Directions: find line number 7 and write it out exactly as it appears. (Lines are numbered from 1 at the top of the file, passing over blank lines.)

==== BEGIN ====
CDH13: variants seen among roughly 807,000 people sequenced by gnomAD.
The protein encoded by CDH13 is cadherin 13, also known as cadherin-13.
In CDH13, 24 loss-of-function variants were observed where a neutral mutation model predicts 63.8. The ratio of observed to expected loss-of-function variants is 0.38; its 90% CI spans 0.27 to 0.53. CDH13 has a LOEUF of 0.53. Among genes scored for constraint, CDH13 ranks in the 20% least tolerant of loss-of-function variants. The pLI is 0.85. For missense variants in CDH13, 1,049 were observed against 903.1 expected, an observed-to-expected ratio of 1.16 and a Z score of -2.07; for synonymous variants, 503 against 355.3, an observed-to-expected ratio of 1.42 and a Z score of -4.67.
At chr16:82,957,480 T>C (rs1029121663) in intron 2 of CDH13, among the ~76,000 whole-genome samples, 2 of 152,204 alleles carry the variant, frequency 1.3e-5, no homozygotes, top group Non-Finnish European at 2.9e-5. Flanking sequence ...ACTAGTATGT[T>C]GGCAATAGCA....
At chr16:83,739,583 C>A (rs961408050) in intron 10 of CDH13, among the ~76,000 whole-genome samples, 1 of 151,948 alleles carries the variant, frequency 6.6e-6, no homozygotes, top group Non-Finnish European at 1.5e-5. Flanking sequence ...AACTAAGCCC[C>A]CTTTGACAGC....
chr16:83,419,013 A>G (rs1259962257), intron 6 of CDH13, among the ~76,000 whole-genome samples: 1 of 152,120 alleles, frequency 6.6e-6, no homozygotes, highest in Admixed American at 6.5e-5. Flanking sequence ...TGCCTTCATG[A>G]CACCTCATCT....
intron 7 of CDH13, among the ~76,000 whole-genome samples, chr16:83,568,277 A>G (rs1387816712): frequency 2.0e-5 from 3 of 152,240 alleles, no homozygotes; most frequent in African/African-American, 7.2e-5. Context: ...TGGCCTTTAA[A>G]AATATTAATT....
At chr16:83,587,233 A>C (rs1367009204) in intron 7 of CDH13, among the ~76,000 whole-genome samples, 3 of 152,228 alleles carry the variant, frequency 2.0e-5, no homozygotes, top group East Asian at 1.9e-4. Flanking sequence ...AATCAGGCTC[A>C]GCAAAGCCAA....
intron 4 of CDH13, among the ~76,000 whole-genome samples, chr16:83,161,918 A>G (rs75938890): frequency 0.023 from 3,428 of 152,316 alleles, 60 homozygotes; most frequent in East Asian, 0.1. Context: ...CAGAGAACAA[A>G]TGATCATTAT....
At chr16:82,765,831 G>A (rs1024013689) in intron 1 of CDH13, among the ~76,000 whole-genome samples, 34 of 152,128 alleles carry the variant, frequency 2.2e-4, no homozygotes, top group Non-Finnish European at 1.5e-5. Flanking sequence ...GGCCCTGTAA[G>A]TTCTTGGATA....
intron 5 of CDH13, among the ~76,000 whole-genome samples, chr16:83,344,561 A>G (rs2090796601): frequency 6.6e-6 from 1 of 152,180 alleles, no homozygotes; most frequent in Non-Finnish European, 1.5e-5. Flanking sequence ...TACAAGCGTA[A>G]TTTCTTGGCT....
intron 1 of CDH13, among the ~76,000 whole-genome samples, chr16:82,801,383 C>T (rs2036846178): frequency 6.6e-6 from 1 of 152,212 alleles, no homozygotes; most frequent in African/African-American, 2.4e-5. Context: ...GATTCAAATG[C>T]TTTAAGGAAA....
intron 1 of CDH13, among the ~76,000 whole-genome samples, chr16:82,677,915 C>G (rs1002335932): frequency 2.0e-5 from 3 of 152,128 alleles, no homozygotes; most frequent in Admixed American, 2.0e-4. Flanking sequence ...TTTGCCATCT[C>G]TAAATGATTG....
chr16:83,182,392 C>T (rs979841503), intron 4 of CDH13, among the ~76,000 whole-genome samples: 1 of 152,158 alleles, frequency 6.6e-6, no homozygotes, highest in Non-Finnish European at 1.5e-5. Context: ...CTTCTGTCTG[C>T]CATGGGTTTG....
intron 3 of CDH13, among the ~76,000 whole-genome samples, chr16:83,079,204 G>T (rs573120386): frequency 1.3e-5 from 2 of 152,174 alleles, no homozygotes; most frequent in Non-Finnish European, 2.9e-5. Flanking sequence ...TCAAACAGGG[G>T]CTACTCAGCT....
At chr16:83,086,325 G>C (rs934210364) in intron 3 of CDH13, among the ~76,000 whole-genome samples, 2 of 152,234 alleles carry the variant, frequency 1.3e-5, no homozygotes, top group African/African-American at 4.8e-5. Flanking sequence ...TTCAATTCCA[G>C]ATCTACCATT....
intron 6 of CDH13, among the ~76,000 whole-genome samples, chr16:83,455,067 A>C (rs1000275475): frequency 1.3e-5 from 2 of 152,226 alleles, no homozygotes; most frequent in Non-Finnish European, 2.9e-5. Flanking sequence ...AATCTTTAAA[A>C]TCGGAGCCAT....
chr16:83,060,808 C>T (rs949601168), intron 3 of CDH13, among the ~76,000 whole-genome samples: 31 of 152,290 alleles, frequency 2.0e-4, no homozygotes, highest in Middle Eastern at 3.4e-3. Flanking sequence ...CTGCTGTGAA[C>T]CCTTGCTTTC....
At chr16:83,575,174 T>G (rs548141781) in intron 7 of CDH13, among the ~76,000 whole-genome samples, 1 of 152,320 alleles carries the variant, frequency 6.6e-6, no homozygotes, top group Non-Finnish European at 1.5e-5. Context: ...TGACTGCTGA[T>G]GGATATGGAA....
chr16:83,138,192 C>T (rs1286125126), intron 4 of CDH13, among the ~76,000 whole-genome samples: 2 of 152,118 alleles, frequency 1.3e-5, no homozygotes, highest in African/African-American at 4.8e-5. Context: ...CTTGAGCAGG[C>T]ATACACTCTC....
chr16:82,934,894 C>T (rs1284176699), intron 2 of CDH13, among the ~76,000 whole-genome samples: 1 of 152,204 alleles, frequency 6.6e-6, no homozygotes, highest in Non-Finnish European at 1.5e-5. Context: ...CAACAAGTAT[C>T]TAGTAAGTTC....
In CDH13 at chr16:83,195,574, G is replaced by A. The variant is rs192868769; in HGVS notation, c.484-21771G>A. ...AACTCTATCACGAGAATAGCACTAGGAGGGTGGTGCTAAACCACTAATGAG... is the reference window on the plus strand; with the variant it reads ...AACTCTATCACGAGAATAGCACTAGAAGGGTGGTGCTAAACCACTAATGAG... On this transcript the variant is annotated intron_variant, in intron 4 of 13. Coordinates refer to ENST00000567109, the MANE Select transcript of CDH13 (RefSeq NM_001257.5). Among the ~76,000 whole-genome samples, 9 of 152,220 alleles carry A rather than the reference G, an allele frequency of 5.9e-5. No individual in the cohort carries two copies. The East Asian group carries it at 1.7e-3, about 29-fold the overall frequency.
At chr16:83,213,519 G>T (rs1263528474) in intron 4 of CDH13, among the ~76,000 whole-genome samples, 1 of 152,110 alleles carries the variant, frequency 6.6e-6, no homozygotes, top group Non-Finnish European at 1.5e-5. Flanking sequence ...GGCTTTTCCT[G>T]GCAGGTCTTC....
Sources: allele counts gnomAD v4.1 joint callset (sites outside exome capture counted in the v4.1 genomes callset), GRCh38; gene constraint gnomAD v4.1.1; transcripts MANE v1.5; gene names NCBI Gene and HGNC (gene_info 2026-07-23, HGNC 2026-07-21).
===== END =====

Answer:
intron 7 of CDH13, among the ~76,000 whole-genome samples, chr16:83,568,277 A>G (rs1387816712): frequency 2.0e-5 from 3 of 152,240 alleles, no homozygotes; most frequent in African/African-American, 7.2e-5. Context: ...TGGCCTTTAA[A>G]AATATTAATT....